WITH annual rainfall of up to 1,250 millimetres in the mountains, Lebanon is spared the water supply problems faced by other countries in the region. However, the lack of adequate water storage facilities is acute, and exacerbated, like other areas of Lebanon’s battered infrastructure, by damage inflicted during the war years, from 1975-90.
According to official estimates, 100 per cent of the country received drinking water supplies before the war. Wastewater treatment services were provided to 80 per cent of the urban population, but only 10 per cent of rural areas. The National Emergency Reconstruction Programme (NERP), which started in 1993, set the goal of supplying every Lebanese with 80 litres of water a day. However, progress has been limited by the slow and costly nature of the work and the government’s preoccupation with rehabilitating the power and telecommunications sectors.
Original cost estimates were based on 12 damage assessment reports hurriedly completed in 1992. These put the total cost of rehabilitating the water sector at $250 million. This has subsequently been revised to $900 million, to be invested over three years. The first year entailed the repair of war damage, all of which was completed by early 1996. The second and third year works are now at feasibility, design or initial implementation stages, the Council for Development & Reconstruction (CDR) says.
Sir Alexander Gibb & Partners of the UK, the Kuwait Consulting & Investment Company and the local Khatib & Alami were appointed to carry out studies and designs and supervise construction of the second and third year rehabilitation works in the Greater Beirut area. The consortium’s two-year contract expired in December, by which time it had overseen the award of three contracts and completed tender documents for a further 14. All the works are being financed by the Kuwait Fund for Arab Economic Development, at a total cost of $30 million- 35 million. The contracts are divided into three categories: the refurbishment of the existing assets of the Ain al-Delbe and Beirut water authorities; supply contracts for pipes, fittings, and operation and maintenance equipment; and pipe-laying contracts, particularly in the southern suburbs of Beirut.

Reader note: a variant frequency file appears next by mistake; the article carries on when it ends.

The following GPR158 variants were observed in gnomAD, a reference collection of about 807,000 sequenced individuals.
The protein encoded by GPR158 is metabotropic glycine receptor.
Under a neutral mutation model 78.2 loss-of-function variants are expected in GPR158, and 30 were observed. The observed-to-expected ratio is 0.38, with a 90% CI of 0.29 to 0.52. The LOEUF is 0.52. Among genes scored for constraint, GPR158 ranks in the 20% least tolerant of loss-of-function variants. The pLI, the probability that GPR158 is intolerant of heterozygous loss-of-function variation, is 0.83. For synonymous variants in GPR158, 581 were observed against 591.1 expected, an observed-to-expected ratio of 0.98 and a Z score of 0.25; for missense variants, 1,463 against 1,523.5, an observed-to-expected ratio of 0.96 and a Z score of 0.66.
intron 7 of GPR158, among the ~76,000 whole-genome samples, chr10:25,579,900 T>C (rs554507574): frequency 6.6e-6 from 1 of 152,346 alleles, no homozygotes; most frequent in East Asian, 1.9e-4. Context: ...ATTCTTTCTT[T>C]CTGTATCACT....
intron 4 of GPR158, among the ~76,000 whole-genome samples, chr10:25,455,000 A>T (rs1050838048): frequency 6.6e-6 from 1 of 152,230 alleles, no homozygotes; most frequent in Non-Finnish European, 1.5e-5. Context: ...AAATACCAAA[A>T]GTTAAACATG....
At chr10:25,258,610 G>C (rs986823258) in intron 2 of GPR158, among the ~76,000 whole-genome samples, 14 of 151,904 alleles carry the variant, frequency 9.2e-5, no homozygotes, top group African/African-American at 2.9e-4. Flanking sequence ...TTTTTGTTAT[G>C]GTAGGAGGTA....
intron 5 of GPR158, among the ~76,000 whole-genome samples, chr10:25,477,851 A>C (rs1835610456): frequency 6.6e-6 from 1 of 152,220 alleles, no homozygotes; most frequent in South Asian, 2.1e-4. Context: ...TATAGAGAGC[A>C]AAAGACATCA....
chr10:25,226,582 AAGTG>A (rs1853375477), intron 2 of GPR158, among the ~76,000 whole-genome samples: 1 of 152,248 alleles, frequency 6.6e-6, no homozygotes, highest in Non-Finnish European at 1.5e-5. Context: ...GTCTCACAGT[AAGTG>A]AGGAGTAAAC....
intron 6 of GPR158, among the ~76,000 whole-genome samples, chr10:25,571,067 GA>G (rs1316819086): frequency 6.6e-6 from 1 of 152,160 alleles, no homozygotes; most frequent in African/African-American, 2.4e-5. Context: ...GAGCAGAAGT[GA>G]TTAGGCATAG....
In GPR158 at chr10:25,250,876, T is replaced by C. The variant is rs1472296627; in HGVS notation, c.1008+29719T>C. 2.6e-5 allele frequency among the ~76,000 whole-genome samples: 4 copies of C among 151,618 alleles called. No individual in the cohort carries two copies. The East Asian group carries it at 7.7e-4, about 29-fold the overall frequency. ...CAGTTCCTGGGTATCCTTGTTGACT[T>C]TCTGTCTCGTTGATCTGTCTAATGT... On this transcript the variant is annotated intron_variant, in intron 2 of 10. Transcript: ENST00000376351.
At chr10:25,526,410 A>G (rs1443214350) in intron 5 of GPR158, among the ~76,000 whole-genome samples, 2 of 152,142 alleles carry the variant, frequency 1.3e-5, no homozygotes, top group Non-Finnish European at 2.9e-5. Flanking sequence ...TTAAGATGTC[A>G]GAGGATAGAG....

However, Beirutis are looking to another scheme to solve their water supply problems: the Awali-Beirut water conveyor. The scheme will convey treated water from the Awali river in the south, through a 24-kilometre tunnel to a reservoir in Hadath for distribution to Beirut. The aim is to make up the city’s shortfall of supply against demand, estimated at more than 50 per cent, for up to 30 years.
The UK’s Montgomery Watson completed detailed designs and tender documents for the scheme almost a year ago, but progress was held up until the government decided in late 1996 to proceed with the project on a build-operate-transfer (BOT) basis. The World Bank has drawn up terms of reference for the contract, and offers are now under evaluation from consultants to help the CDR prepare revised tender documents. The only bidders are understood to be Montgomery Watson and Germany’s Lahmeyer International. The World Bank is also considering providing a partial risk guarantee to cover at least a third of the total estimated cost of $150 million. The construction of the 260,000-cubic- metre-a-day treatment plant is expected to take three years. The concession period is expected to be approximately 20 years.